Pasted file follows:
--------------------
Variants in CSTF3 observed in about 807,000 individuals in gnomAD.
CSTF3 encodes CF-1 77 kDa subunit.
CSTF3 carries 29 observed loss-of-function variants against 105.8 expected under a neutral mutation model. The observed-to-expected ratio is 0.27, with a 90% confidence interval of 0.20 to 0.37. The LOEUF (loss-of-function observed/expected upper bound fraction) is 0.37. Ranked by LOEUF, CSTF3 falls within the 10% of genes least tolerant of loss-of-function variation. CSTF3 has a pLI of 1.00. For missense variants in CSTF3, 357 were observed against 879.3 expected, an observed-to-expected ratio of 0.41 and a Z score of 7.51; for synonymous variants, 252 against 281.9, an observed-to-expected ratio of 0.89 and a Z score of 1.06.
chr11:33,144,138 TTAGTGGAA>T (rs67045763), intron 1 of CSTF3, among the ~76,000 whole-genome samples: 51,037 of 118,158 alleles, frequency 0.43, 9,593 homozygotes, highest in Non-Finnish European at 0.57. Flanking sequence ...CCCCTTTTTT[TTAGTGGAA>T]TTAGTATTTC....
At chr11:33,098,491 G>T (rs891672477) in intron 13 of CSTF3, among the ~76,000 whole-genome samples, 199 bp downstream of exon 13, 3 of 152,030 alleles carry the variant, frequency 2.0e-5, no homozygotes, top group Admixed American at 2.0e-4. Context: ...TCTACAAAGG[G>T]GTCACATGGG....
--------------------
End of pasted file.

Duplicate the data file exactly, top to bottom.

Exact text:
Variants in CSTF3 observed in about 807,000 individuals in gnomAD.
CSTF3 encodes CF-1 77 kDa subunit.
CSTF3 carries 29 observed loss-of-function variants against 105.8 expected under a neutral mutation model. The observed-to-expected ratio is 0.27, with a 90% confidence interval of 0.20 to 0.37. The LOEUF (loss-of-function observed/expected upper bound fraction) is 0.37. Ranked by LOEUF, CSTF3 falls within the 10% of genes least tolerant of loss-of-function variation. CSTF3 has a pLI of 1.00. For missense variants in CSTF3, 357 were observed against 879.3 expected, an observed-to-expected ratio of 0.41 and a Z score of 7.51; for synonymous variants, 252 against 281.9, an observed-to-expected ratio of 0.89 and a Z score of 1.06.
chr11:33,144,138 TTAGTGGAA>T (rs67045763), intron 1 of CSTF3, among the ~76,000 whole-genome samples: 51,037 of 118,158 alleles, frequency 0.43, 9,593 homozygotes, highest in Non-Finnish European at 0.57. Flanking sequence ...CCCCTTTTTT[TTAGTGGAA>T]TTAGTATTTC....
At chr11:33,098,491 G>T (rs891672477) in intron 13 of CSTF3, among the ~76,000 whole-genome samples, 199 bp downstream of exon 13, 3 of 152,030 alleles carry the variant, frequency 2.0e-5, no homozygotes, top group Admixed American at 2.0e-4. Context: ...TCTACAAAGG[G>T]GTCACATGGG....